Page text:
the queen of water
The Queen of Water Discussion Guide
(book and questions by Laura Resau)
1. What were Virginia's expectations of how her life would be when she left her village? What were her fears? In what ways were her expectations and fears realized? What were some surprises?
2. Throughout the book, Virginia has fantasies and dreams of how she'd like her life to be. What were some of these dreams and fantasies at the beginning, middle, and end of the book? What were the challenges and obstacles to realizing her dreams? How did she overcome them?
3. "Freedom is terrifying and fear is familiar." Virginia describes feeling this way when she comes close to leaving the Doctorita and Carlitos. What does she mean by this? Have you ever been scared to leave a bad situation? Compare and contrast your feelings to how Virginia felt in her situation.
4. "Querer es poder." What does this phrase mean? How does this idea influence Virginia's attitude and actions? Have you used this idea in your life? If so, explain. Is there a situation in your life now that you could apply this idea to?
5. Discuss the ethnic categories of mestizo and indigenous in Ecuadorian society, based on what you read in this book. How do these groups relate to each other? Can you compare and contrast this situation to ethnic relations in your own country?
6. What are Virginia's conflicting feelings about her ethnic and social identity (mestiza vs. indígena, poor vs. well-off) throughout the book? Discuss her shifting feelings in terms of culture, food, education, economic class, society, clothing, traditions, etc. How does she resolve her internal conflict by the end of the book?
7. What were some ways in which TV had a positive effect on Virginia's life? How did it affect her thoughts and actions? Do you think TV has more positive or negative effects overall? Why?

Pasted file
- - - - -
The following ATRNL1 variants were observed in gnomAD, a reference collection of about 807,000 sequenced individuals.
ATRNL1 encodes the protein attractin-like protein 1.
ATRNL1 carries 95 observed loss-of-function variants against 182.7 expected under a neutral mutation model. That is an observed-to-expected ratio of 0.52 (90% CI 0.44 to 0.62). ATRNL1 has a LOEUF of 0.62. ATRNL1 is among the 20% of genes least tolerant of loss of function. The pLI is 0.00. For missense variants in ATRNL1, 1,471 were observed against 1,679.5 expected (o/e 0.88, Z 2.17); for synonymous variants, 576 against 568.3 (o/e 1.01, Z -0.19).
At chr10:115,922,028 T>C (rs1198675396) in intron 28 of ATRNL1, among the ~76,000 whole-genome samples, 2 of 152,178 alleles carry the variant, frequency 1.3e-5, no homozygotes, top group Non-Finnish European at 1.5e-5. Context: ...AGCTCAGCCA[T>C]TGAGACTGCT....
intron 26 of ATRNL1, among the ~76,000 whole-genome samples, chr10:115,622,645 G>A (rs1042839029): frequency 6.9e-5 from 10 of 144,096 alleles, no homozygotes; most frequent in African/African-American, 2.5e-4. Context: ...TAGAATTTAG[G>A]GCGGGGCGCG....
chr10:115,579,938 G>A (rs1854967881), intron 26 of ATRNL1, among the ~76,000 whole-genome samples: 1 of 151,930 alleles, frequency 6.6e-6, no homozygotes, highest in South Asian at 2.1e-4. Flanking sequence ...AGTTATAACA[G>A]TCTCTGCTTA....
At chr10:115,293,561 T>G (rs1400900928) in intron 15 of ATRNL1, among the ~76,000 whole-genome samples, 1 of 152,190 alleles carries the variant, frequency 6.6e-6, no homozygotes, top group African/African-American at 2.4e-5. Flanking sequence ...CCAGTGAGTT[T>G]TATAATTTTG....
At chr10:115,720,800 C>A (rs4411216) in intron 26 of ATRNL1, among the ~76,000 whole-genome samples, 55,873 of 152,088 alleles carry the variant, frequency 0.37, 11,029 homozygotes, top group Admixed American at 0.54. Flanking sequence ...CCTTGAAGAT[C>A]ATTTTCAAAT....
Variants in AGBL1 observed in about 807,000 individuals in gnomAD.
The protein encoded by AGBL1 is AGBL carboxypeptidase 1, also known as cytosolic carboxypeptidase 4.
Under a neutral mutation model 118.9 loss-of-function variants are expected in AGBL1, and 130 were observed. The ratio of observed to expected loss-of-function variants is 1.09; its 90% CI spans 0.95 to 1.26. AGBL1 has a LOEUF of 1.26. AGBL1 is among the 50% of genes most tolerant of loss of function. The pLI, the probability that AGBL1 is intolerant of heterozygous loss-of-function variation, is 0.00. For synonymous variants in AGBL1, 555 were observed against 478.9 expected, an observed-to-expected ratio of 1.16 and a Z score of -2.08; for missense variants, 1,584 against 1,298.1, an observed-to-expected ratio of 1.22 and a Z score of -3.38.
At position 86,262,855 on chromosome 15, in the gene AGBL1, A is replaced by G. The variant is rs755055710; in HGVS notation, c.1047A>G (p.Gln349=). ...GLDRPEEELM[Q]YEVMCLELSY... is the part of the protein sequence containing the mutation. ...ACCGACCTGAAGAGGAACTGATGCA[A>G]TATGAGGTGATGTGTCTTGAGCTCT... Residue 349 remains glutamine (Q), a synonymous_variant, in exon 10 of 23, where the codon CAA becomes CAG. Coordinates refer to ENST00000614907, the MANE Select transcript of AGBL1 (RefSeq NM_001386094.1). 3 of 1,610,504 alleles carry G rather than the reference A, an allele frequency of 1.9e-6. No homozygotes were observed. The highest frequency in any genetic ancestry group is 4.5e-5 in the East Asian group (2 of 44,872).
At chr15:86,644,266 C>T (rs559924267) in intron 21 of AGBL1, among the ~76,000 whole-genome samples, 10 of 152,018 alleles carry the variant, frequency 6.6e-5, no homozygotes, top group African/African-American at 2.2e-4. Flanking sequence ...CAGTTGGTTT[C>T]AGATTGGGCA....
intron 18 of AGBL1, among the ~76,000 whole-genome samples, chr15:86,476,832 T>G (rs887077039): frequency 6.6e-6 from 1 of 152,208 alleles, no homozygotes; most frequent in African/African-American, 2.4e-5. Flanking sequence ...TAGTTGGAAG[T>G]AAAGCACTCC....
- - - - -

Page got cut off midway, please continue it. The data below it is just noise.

8. What part did you find most exciting? Saddest? Happiest? Which part made you angriest? Discuss your feelings about these scenes and why they impacted you.
9. Discuss how Virginia's attitude toward education changed throughout the book. What incidents prompted those changes? Compare and contrast her experiences and attitudes about education with your own.
10. How did learning to read affect how Virginia saw the world? What opportunities did education open up for her? How would her life have been different if she hadn't learned to read?
11. What helped Virginia find courage to take action to improve her life at various stages of her journey? Think about changes you've made in your life. What motivated you to improve the situation?
12. Discuss some of the pivotal moments in Virginia's life, where she had to make a decision that would have major consequences? Do you think you would have made the same decision? Why?
1. Describe how Virginia's parents and Carlitos and the Doctorita hurt and/or betrayed her. Do you think she was right to forgive her parents? Do you think that she ever forgave Carlitos and the Doctorita after the book ends? Would you have forgiven them all? Why or why not?
2. The Doctorita felt justified having Virginia work as an unpaid servant because she felt it was considered acceptable in her society. In your opinion, is that an excuse? Is there something in your society that you feel is morally wrong, but that is considered acceptable? How do you deal with this?
3. Despite her suffering, Virginia took away some positive things from her time with the Doctorita and Carlitos. In what ways was the Doctorita a positive role model for Virginia? What were some benefits of Virginia's life with the Doctorita and Carlitos? Do you think it was worth the suffering?
4. How were Virginia's feelings about her sister Matilde mixed? In what ways did Matilde help Virginia improve her life? Compare/contrast Virginia's relationship with Matilde to your relationship with your brother/sister/best friend.